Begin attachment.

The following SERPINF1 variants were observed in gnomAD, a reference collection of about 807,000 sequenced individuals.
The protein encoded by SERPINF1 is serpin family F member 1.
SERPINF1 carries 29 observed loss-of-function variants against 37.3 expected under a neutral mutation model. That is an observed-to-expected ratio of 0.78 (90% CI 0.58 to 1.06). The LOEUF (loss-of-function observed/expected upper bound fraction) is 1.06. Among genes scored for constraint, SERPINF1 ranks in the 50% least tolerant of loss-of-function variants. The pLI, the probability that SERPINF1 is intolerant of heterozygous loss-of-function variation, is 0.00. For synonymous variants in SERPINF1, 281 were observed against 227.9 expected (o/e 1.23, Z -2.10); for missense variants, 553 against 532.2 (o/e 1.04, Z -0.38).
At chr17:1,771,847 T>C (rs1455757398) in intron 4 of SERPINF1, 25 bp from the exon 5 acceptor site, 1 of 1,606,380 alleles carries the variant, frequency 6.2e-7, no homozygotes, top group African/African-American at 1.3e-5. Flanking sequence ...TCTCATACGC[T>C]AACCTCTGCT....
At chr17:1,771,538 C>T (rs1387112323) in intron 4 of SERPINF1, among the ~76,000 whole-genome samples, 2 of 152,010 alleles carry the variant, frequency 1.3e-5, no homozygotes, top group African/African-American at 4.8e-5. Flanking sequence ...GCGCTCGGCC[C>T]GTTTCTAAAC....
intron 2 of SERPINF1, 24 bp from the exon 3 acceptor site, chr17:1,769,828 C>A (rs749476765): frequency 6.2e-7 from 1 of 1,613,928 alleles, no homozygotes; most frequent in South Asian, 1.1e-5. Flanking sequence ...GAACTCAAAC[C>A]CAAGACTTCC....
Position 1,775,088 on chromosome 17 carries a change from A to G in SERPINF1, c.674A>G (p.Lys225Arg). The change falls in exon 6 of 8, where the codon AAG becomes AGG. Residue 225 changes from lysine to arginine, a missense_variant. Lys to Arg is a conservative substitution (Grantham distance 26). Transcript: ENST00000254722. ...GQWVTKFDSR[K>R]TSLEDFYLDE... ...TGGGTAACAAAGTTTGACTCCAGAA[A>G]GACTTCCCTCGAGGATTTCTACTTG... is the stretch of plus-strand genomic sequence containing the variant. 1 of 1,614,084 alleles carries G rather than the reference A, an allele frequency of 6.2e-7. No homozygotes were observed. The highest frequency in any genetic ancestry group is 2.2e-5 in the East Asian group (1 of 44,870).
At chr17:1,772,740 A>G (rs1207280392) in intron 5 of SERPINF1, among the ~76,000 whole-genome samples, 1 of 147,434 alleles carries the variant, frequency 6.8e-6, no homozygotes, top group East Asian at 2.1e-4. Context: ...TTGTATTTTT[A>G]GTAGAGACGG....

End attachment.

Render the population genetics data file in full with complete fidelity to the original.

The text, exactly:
The following SERPINF1 variants were observed in gnomAD, a reference collection of about 807,000 sequenced individuals.
The protein encoded by SERPINF1 is serpin family F member 1.
SERPINF1 carries 29 observed loss-of-function variants against 37.3 expected under a neutral mutation model. That is an observed-to-expected ratio of 0.78 (90% CI 0.58 to 1.06). The LOEUF (loss-of-function observed/expected upper bound fraction) is 1.06. Among genes scored for constraint, SERPINF1 ranks in the 50% least tolerant of loss-of-function variants. The pLI, the probability that SERPINF1 is intolerant of heterozygous loss-of-function variation, is 0.00. For synonymous variants in SERPINF1, 281 were observed against 227.9 expected (o/e 1.23, Z -2.10); for missense variants, 553 against 532.2 (o/e 1.04, Z -0.38).
At chr17:1,771,847 T>C (rs1455757398) in intron 4 of SERPINF1, 25 bp from the exon 5 acceptor site, 1 of 1,606,380 alleles carries the variant, frequency 6.2e-7, no homozygotes, top group African/African-American at 1.3e-5. Flanking sequence ...TCTCATACGC[T>C]AACCTCTGCT....
At chr17:1,771,538 C>T (rs1387112323) in intron 4 of SERPINF1, among the ~76,000 whole-genome samples, 2 of 152,010 alleles carry the variant, frequency 1.3e-5, no homozygotes, top group African/African-American at 4.8e-5. Flanking sequence ...GCGCTCGGCC[C>T]GTTTCTAAAC....
intron 2 of SERPINF1, 24 bp from the exon 3 acceptor site, chr17:1,769,828 C>A (rs749476765): frequency 6.2e-7 from 1 of 1,613,928 alleles, no homozygotes; most frequent in South Asian, 1.1e-5. Flanking sequence ...GAACTCAAAC[C>A]CAAGACTTCC....
Position 1,775,088 on chromosome 17 carries a change from A to G in SERPINF1, c.674A>G (p.Lys225Arg). The change falls in exon 6 of 8, where the codon AAG becomes AGG. Residue 225 changes from lysine to arginine, a missense_variant. Lys to Arg is a conservative substitution (Grantham distance 26). Transcript: ENST00000254722. ...GQWVTKFDSR[K>R]TSLEDFYLDE... ...TGGGTAACAAAGTTTGACTCCAGAA[A>G]GACTTCCCTCGAGGATTTCTACTTG... is the stretch of plus-strand genomic sequence containing the variant. 1 of 1,614,084 alleles carries G rather than the reference A, an allele frequency of 6.2e-7. No homozygotes were observed. The highest frequency in any genetic ancestry group is 2.2e-5 in the East Asian group (1 of 44,870).
At chr17:1,772,740 A>G (rs1207280392) in intron 5 of SERPINF1, among the ~76,000 whole-genome samples, 1 of 147,434 alleles carries the variant, frequency 6.8e-6, no homozygotes, top group East Asian at 2.1e-4. Context: ...TTGTATTTTT[A>G]GTAGAGACGG....